When Does Chest Pain Require a Trip to the ER? River Oaks’ 24-Hour Doctors Explain


Chest pain is not a sensation to be ignored, but it can be hard to know if you should make an appointment with your regular physician or head to the hospital pronto. That makes it important to learn when chest pain is a true emergency.

Chest pain immediately raises your alarm bells, but sometimes it comes from a benign condition and resolves on its own — quickly and without any harm to your health. How do you determine if your chest pain is a sign of something that requires immediate care?  River Oaks ER can help you understand if you should head to our offices immediately, or if you can wait for symptoms to subside.


We do say, if you feel the chest pain is just off and nothing like you’ve ever experienced — you know in your gut something is wrong — head to River Oaks ER right away because it could be a sign of coronary artery disease, and the wrong decision can lead to permanent disability or death. In the scheme of things, it’s much better to be safe than sorry.

Emergency signs

Chest pain ranges from mild to severe. Although any chest pain really can signal a heart attack, severe pain is a definite reason to visit the ER. If the nature of the pain is squeezing, heavy, tight, or crushing, it’s also enough to get you to our office.


Chest pain deserves a trip to the emergency room if it radiates to your shoulders, arms, or jaw. You may experience a radiation of pain to your stomach as well, possibly including nausea, weakness, shortness of breath, and sweating. If you feel dizzy or faint with your chest pain, head to River Oaks ER right away. Chest pain that worsens over 10-15 minutes is also of dire concern.


Women may develop additional symptoms, such as feeling achy all over and experiencing disturbed sleep.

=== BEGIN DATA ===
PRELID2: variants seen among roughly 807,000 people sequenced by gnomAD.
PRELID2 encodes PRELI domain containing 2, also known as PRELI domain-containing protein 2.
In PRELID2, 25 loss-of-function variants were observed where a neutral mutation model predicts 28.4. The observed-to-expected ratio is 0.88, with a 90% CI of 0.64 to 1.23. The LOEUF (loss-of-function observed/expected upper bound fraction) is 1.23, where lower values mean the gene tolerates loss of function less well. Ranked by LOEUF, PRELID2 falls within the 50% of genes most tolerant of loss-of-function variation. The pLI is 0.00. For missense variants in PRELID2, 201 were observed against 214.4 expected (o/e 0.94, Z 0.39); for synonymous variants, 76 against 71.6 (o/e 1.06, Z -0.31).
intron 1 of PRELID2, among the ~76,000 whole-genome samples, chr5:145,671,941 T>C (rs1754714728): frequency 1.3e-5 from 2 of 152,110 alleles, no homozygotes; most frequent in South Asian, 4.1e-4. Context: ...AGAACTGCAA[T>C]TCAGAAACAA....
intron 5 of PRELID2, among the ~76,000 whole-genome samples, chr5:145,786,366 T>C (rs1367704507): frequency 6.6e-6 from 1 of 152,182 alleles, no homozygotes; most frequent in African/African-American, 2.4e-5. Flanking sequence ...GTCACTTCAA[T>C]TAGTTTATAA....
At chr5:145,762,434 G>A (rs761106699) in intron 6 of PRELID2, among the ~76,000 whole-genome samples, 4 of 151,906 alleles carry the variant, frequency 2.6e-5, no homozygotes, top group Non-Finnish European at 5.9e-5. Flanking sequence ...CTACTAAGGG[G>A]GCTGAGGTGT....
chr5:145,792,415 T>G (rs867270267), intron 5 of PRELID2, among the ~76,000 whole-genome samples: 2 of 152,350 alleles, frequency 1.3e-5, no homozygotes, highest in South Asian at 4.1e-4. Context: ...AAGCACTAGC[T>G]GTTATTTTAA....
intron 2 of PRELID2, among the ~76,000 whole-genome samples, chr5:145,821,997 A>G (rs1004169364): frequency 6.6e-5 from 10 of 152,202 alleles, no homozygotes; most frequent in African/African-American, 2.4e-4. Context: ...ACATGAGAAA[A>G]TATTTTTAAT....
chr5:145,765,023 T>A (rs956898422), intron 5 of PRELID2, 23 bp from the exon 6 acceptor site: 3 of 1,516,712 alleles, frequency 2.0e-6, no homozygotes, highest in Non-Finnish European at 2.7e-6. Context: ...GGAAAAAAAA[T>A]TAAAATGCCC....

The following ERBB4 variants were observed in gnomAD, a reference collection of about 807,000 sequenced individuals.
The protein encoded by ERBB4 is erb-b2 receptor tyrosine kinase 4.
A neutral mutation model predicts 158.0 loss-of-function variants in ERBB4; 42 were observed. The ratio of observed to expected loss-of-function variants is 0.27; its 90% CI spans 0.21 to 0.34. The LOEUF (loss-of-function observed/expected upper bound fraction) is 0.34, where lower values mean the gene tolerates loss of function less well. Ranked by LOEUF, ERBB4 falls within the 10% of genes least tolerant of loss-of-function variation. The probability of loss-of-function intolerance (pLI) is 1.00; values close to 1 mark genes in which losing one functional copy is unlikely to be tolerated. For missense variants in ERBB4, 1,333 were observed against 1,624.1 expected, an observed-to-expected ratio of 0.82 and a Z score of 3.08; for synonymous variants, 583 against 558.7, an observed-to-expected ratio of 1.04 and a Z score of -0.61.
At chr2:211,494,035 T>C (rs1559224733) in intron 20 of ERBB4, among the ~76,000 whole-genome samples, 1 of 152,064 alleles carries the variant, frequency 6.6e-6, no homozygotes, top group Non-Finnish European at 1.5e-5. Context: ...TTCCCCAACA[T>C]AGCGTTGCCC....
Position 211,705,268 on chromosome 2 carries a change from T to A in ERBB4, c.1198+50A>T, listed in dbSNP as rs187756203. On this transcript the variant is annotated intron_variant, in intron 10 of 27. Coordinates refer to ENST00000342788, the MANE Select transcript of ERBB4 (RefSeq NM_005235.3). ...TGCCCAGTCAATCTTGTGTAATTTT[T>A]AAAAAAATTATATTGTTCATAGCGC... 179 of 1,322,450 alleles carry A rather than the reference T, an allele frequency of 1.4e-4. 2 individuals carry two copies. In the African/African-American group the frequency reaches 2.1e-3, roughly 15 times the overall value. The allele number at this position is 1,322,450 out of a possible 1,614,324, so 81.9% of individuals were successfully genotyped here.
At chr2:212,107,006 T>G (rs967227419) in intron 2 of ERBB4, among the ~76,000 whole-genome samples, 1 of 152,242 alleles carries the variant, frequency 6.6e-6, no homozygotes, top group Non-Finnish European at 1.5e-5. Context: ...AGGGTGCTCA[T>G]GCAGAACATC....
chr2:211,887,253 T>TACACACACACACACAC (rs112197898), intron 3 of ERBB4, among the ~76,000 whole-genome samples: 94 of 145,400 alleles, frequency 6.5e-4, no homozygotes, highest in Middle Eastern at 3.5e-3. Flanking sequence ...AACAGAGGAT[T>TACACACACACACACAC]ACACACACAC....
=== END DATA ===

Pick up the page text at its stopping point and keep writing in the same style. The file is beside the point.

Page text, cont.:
Consider your health history

Any chest pain should be of concern if you’re at a high risk for heart disease and heart attack. If you’re 40 or older and have a strong family history of early heart disease, you should have your chest pain examined immediately. Other risk factors include being a smoker, having elevated cholesterol, overweight and obesity, and suffering from diabetes.

Other causes of chest pain

Chest pain might not be pointing to a heart attack, but it still be a serious medical emergency, such as a pulmonary embolism (a blood clot in your lungs) or an aortic dissection. These issues require immediate care, too.


You may be less concerned that your chest pain is related to your heart if it’s momentary and disappears quickly, especially if you have none of the other mentioned symptoms.


If you’ve had this same pain in the past and been cleared of a heart disorder or disease, then it’s likely not an emergency. You may suspect a muscle strain or rib bruise if the pain occurs only with specific movements, such as reaching overhead or twisting.


Psychological issues may also cause chest pain. Panic disorders, depression, emotional stress, and anxiety may be to blame. Don’t just dismiss very real symptoms as being “in your head,” however. If you have sweating, weakness, crushing pain, and risk factors for disease, get checked out even if you have psychological issues.


At River Oaks ER, we want to evaluate, diagnose, and treat your chest pain to prevent long-term damage and rule out a life-threatening condition.


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